Skip to main content

Camera Ready

The final piece of the HD production puzzle is in place. A slow-motion camera is being debuted by Thomson Grass Valley this week. The LDK-6200 (based on the company's LDK-6000 mkII HD camera system) captures images at 120 frames per second, allowing them to appear to be in slow motion when played on air at 60 frames per second.

"This camera removes the reason some broadcasters may delay doing to HD sports," says Jeff Rosica, vice president of strategic marketing and technology for Thomson Grass Valley.

Thomson, still awaiting patent approval, is hesitant to discuss details. Rosica did say that most of the technology resides in the camera head, some in its base station. The video is captured on a third-party device, such as the EVS video server that records standard-definition slow-motion video in sports production vehicles.

The camera can be switched between the slow-motion mode and regular mode. It supports both 720-line progressive (72p) and 1080-line interlace (1080i) HD formats with three 9.2-million-pixel HD-DPM CCDs for imaging and 12-bit analog-to-digital converters to maintain high-quality pictures. It also can store operational and image settings on low-cost smart cards and works with either Thomson Grass Valley TriaxHD or FiberHD transmission systems. The Triax system supports cable runs up to 3,300 feet; the Fiber system can handle longer runs.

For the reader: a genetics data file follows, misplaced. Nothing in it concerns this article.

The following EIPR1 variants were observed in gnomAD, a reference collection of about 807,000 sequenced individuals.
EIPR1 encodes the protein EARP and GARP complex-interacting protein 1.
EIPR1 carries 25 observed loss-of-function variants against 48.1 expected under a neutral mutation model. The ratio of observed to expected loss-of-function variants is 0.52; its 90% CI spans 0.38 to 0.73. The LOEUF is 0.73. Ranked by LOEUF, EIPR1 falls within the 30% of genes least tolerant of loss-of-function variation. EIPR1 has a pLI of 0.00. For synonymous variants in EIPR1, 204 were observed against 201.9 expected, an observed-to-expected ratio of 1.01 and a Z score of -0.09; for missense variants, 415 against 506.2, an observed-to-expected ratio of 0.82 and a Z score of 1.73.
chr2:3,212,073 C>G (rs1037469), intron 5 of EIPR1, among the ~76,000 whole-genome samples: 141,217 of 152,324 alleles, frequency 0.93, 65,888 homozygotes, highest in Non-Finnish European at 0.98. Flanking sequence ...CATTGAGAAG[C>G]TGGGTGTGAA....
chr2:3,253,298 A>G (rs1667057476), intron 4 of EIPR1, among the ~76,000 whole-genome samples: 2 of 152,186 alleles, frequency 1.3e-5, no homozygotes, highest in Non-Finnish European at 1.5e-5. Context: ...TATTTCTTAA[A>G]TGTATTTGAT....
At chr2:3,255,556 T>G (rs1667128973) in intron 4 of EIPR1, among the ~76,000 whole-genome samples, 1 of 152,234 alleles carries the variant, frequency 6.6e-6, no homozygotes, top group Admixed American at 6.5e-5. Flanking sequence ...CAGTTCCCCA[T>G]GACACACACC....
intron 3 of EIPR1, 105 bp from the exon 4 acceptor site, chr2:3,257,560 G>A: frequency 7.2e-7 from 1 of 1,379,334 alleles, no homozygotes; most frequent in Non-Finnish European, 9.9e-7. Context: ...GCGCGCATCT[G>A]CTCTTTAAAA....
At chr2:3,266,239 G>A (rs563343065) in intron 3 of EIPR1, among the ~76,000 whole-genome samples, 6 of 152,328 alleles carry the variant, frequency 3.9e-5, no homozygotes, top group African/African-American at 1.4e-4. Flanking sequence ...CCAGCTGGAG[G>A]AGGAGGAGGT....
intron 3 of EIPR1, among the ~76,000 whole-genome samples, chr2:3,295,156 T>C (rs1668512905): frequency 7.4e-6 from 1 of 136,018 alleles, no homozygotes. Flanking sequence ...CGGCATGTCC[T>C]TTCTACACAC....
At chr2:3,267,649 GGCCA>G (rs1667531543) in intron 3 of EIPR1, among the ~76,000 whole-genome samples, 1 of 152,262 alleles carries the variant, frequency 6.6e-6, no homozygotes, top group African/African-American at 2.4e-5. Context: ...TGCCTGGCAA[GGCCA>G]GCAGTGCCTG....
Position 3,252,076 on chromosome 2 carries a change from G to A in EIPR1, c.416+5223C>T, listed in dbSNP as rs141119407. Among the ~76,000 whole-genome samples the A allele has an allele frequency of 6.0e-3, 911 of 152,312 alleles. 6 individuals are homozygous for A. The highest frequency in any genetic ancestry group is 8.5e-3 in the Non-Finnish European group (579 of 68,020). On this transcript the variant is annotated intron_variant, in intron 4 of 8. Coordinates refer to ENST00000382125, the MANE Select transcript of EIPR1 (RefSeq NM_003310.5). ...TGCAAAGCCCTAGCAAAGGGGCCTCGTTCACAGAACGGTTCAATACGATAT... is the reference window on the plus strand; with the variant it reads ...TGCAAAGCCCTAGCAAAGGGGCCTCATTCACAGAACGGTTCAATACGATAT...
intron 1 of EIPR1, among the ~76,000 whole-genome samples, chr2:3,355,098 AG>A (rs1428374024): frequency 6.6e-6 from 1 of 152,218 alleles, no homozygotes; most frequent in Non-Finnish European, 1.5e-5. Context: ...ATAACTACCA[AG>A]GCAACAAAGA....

Fox Sports has delayed HD sports because it did not want to compromise production values. Early HD sportscasts tended to be the equivalent of a high-resolution 1960s-style telecast. Graphics devices were lacking, certain angles were impossible, and the higher cost of the cameras made it difficult to roll out a large contingent. And, of course, there was no slow-motion capability.

"Early on, we were leery of producing sports in HD because we were taking a step back in production value," says Andy Setos, president of engineering, Fox Group. "This new camera pierces that veil and delivers to the HD sports producer a better tool for slow-motion rendering."

Setos has yet to see the camera in operation, so he can't give the actual camera a seal of approval. But he sees it as an important step: "One more important domino has fallen, and if you want to produce a sporting event in HD, you don't have to compromise when it comes to super slow-mo."

The camera has already found a customer: Europe-based AlfaCam will supply outside broadcast vehicles for coverage of the Summer Olympics and the European soccer championships.